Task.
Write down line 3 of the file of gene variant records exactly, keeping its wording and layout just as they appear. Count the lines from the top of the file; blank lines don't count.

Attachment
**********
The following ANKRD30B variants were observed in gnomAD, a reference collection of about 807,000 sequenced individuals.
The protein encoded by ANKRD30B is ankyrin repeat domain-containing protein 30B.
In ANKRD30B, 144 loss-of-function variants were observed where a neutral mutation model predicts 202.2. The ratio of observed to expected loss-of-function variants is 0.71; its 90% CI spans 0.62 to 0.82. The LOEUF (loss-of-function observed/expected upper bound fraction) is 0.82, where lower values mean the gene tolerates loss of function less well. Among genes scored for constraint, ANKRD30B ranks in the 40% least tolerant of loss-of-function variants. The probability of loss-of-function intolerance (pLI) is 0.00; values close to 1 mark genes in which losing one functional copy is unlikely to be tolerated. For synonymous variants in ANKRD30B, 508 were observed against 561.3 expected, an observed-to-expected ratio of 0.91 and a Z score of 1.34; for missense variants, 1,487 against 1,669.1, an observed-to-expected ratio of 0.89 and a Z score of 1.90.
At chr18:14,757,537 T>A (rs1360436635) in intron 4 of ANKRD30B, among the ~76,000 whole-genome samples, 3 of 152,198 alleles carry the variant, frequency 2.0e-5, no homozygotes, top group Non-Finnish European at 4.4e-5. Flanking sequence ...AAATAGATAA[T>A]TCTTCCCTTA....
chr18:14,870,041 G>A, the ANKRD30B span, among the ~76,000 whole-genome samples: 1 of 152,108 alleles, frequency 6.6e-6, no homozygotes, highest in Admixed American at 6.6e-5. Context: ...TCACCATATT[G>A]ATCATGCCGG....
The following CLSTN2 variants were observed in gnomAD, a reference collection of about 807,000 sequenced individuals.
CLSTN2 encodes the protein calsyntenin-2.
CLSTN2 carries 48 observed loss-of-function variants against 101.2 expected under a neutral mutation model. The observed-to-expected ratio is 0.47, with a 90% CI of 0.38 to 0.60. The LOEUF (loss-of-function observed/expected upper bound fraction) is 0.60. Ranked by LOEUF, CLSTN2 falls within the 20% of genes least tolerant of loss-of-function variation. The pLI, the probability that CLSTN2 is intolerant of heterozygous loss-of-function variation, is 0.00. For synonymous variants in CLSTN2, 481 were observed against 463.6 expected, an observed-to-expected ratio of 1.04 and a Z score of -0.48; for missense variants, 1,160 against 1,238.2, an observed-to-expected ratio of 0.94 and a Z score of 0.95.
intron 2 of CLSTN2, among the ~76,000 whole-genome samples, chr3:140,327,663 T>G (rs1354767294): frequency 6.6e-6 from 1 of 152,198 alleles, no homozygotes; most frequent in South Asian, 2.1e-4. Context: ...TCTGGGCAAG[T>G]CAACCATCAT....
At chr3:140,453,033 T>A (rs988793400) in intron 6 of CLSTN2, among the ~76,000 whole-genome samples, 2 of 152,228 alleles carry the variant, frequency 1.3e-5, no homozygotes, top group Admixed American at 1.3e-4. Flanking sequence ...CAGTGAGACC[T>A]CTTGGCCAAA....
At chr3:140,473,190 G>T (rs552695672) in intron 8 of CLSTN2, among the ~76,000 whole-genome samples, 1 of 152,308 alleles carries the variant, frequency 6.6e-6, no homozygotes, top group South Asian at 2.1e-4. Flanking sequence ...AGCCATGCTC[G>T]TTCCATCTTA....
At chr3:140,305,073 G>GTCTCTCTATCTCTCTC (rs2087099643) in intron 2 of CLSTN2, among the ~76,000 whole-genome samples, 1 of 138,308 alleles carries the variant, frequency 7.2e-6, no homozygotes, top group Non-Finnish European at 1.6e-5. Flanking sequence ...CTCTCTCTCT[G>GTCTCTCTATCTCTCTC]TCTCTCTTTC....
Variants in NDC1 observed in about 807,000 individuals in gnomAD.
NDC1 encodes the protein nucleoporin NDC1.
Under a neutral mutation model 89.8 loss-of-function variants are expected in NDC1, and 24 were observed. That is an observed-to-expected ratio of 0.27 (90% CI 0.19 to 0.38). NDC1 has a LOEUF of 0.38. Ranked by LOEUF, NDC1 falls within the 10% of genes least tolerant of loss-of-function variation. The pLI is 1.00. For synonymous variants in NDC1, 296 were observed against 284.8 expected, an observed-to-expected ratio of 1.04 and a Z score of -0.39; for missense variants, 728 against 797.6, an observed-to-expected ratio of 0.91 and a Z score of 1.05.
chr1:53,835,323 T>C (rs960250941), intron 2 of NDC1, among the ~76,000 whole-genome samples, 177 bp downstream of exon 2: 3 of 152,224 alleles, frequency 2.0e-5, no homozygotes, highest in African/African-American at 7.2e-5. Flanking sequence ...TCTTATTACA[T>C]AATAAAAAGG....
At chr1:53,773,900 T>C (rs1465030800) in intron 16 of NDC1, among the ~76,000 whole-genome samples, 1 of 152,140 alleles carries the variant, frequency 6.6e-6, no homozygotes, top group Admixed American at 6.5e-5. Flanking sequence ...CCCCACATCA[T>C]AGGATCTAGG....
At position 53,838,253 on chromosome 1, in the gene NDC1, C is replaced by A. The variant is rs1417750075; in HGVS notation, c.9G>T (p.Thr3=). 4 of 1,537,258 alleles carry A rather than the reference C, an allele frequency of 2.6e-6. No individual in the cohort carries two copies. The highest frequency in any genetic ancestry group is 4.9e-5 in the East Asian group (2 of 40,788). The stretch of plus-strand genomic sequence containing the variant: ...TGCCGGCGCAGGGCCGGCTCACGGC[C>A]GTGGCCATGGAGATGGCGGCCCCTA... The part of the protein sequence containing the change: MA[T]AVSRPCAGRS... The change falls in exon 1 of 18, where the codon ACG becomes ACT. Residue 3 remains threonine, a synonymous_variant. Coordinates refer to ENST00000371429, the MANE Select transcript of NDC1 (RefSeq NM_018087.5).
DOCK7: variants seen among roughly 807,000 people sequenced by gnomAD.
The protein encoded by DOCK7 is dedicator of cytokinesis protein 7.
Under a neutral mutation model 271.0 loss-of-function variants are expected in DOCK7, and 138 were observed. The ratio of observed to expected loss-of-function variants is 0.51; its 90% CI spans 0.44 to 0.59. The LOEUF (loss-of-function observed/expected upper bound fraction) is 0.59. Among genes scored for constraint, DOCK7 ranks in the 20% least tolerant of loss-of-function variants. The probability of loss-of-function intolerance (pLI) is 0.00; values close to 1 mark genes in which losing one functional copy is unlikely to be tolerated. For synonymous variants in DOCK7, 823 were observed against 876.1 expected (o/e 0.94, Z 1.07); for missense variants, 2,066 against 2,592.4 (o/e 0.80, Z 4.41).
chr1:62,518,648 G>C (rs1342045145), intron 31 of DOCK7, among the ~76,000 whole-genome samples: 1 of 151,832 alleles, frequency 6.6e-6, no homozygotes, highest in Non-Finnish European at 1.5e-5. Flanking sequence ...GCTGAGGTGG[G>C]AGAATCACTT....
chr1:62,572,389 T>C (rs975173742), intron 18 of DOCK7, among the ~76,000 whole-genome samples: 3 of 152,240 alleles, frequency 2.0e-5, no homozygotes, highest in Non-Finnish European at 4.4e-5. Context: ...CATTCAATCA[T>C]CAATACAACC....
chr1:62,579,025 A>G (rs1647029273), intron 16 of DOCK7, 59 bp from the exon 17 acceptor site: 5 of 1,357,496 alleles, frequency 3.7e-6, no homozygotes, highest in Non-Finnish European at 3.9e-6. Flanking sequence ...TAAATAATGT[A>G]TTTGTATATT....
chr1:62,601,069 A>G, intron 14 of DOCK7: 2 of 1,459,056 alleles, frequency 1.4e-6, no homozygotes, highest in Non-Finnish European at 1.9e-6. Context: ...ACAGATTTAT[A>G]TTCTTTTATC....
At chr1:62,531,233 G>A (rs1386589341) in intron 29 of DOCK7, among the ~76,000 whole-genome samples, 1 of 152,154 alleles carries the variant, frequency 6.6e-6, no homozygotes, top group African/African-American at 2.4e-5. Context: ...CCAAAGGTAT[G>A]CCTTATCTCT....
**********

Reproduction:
In ANKRD30B, 144 loss-of-function variants were observed where a neutral mutation model predicts 202.2. The ratio of observed to expected loss-of-function variants is 0.71; its 90% CI spans 0.62 to 0.82. The LOEUF (loss-of-function observed/expected upper bound fraction) is 0.82, where lower values mean the gene tolerates loss of function less well. Among genes scored for constraint, ANKRD30B ranks in the 40% least tolerant of loss-of-function variants. The probability of loss-of-function intolerance (pLI) is 0.00; values close to 1 mark genes in which losing one functional copy is unlikely to be tolerated. For synonymous variants in ANKRD30B, 508 were observed against 561.3 expected, an observed-to-expected ratio of 0.91 and a Z score of 1.34; for missense variants, 1,487 against 1,669.1, an observed-to-expected ratio of 0.89 and a Z score of 1.90.